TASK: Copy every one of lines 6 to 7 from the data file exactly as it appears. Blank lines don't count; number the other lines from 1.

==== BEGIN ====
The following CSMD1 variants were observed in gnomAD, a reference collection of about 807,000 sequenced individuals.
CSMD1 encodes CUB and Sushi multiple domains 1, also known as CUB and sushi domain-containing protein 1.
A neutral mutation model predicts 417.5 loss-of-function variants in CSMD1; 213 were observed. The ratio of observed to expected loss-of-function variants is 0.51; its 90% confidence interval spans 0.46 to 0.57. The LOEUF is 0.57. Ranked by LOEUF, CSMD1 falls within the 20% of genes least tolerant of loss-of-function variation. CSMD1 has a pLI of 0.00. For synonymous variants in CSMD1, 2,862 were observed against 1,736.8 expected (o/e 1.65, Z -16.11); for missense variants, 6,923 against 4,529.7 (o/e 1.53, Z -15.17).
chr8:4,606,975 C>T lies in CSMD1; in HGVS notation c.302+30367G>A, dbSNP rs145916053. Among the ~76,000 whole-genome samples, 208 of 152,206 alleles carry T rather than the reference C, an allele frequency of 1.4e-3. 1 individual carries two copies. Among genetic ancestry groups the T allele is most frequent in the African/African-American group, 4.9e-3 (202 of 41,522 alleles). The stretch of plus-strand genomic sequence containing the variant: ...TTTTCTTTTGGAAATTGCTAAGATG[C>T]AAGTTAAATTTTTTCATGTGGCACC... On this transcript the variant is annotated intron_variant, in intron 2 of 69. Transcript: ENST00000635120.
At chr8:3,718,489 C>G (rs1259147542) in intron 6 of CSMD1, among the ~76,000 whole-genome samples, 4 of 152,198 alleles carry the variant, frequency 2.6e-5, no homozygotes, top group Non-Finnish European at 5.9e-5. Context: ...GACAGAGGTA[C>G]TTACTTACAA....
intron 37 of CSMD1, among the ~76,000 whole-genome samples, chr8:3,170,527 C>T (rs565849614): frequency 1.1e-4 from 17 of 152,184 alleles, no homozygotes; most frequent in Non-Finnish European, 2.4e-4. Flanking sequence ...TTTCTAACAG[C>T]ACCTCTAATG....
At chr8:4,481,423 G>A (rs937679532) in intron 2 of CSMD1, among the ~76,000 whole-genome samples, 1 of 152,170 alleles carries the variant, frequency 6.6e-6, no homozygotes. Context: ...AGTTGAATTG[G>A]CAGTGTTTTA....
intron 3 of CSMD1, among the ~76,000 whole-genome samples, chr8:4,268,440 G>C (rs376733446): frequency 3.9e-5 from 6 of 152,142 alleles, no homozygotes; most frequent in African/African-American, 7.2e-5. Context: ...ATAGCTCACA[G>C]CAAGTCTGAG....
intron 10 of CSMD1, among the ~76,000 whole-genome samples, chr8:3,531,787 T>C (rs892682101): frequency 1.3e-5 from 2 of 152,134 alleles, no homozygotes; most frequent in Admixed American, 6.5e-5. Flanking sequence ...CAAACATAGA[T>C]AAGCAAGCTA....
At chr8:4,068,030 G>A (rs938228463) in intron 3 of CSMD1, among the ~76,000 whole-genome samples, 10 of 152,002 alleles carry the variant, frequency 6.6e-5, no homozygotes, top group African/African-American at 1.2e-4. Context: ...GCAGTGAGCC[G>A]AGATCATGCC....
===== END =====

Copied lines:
intron 37 of CSMD1, among the ~76,000 whole-genome samples, chr8:3,170,527 C>T (rs565849614): frequency 1.1e-4 from 17 of 152,184 alleles, no homozygotes; most frequent in Non-Finnish European, 2.4e-4. Flanking sequence ...TTTCTAACAG[C>T]ACCTCTAATG....
At chr8:4,481,423 G>A (rs937679532) in intron 2 of CSMD1, among the ~76,000 whole-genome samples, 1 of 152,170 alleles carries the variant, frequency 6.6e-6, no homozygotes. Context: ...AGTTGAATTG[G>A]CAGTGTTTTA....